Chris’ note: The markets are closed for Labor Day. So today, instead of our usual financial fare, we’re sharing an essay from my friend Will Bonner. Will is the founder of the Bonner Private Wine Partnership. And below, he shares why all wine isn’t created equal.
Most folks think that the anti-aging properties of wine all come from the antioxidants it contains. But as Will explains, the real health benefits come from extreme-altitude wines as a result of a specific kind of nutrient they’re dense in…
From inside a cluster of trees, we heard a scream.
“Sh*t,” muttered my younger brother as he leapt from his horse.
My father, Bill Bonner, and I had been showing my younger brother and his fiancée two extreme-altitude vineyards on our family ranch, Gualfin, in northwestern Argentina.
One is accessible only by horseback. The other, just barely.
Go figure… Gualfin is an old native word for “end of the road.”
But the roughness makes the ranch exceptionally suitable for producing an intense, complex red wine that may be the healthiest wine in the world.
More on that in a moment…
To say the family ranch is remote is an understatement.
It sits in the shadow of the Andes Mountains on Argentina’s wild, northwestern frontier, in a place known as the Calchaquí Valley. The nearest city is a rough, six-hour drive in a 4×4 across a wide desert plateau.
In such a remote area, that which is not useful… is dinner. And the local horses know it.
Riding across the Calchaquí Valley
Accordingly, they tend to be a docile lot.
But the roan mare my brother’s fiancée was riding that day had woken up on the wrong side of the straw pile. Out of nowhere, she suddenly bolted, leaving the poor girl clinging on for dear life.
It’s a family tradition to bring prospective spouses out to the ranch. We call it the Gualfin Test.
The test is not whether they fall off their horse or succumb to sunstroke or altitude sickness. It’s whether they demand to be driven back to civilization for a hot bath, air conditioning, or (worse) a doctor.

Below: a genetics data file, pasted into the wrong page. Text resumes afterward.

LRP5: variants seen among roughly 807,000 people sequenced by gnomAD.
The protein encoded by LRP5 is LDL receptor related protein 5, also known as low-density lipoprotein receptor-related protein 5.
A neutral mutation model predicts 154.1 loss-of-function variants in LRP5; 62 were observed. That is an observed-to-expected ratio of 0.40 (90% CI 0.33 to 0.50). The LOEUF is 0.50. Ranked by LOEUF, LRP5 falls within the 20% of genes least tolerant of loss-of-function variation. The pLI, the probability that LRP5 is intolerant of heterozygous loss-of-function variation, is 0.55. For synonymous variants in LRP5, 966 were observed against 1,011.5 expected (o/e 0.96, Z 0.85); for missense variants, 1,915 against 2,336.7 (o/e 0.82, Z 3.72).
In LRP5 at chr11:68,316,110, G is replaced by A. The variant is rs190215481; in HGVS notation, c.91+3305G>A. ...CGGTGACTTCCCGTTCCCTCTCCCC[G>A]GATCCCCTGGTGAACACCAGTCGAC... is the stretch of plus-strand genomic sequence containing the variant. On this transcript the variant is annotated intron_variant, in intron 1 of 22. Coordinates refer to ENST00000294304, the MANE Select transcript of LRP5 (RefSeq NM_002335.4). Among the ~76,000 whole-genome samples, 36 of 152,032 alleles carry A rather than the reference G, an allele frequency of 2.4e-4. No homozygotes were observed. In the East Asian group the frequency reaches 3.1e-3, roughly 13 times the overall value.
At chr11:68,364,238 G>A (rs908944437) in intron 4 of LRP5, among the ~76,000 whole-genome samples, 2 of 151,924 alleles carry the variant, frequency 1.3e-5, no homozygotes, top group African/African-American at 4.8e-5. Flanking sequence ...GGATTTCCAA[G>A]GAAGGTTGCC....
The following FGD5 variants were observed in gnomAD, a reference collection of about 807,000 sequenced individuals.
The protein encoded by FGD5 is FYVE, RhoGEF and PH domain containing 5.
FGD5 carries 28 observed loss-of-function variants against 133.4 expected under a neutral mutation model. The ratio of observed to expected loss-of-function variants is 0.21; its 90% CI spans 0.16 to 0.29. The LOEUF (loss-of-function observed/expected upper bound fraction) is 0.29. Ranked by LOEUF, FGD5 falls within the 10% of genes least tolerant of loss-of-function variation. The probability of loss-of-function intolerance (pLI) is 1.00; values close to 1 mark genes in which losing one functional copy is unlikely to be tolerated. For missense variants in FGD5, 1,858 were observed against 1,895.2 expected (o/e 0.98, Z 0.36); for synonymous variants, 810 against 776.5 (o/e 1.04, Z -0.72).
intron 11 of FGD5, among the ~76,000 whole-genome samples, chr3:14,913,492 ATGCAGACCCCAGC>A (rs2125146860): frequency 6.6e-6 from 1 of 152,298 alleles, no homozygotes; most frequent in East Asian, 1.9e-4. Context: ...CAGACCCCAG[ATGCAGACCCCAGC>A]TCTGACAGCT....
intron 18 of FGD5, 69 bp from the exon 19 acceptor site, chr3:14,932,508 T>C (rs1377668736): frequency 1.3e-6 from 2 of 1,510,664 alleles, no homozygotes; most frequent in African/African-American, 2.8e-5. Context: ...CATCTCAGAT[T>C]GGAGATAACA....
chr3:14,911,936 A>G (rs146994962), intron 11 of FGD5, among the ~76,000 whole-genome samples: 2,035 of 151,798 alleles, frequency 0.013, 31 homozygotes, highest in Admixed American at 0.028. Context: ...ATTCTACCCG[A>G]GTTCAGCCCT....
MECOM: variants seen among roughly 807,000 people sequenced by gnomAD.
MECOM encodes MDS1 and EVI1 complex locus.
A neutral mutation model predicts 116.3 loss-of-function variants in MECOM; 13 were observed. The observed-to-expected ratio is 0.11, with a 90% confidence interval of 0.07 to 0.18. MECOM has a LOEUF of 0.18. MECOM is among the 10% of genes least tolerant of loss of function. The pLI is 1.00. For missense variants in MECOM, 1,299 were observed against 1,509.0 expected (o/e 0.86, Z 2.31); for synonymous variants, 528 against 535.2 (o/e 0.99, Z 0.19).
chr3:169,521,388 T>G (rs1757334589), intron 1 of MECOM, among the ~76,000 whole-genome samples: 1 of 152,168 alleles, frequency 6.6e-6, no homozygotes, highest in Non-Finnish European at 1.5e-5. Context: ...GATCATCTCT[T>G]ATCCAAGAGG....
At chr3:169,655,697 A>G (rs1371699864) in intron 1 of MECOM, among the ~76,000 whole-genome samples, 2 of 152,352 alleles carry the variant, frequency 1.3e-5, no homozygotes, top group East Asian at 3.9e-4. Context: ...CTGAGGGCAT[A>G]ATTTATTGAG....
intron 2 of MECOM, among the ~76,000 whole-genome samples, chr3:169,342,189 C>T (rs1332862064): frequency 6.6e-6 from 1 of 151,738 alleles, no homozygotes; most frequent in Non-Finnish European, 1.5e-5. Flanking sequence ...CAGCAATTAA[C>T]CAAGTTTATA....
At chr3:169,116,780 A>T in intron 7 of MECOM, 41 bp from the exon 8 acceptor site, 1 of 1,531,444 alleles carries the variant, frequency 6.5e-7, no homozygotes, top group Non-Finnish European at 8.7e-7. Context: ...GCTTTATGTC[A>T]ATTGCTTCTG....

For my brother’s fiancée, the test had begun. But she was in good company.
Every organism on the ranch – from its people, to its horses, to our vines – must weather the Gualfin Test.
They contend with wild temperature swings (as much as 70° F)… powerful blasts of UV light through the thin atmosphere (80% more intense than in Bordeaux)… low oxygen levels… roaring winds… and the assured absence of help if you get into trouble.
It’s enough to kill most things.
But for those plants and animals that survive, the “test” comes with major benefits: longevity and good health.
Gualfin’s inhabitants are a small group of homesteaders and natives. They live in near total isolation.
Up at our most remote vineyard – so inaccessible, it’s impossible to harvest – an elderly woman, Elena, lived in complete self-sufficiency well into her 80s.
She made – and I can attest to this personally – the best cheese in the valley.
She had no daily pill regimen. The nearest pharmacy would have been a day’s journey away. And she rarely saw a doctor. Around these parts, if you fall ill, the trek to see a doctor is more dangerous than toughing it out on your own.
In any case, the people here seem to stay active and live far beyond what their rough-hewn lives might dictate.
For scientists, the latter observation would scarcely be surprising. “That which does not kill you…” is actually a scientific fact.
Stressing yeast with short bursts of extreme heat and cold allows them to live up to 30% longer. And studies have linked “caloric stressing” – aka fasting – to longer lifespans and less disease.
Of course, we aren’t all going to pack up and move to the edge of civilization to battle it out against the elements. But that’s where wine comes in…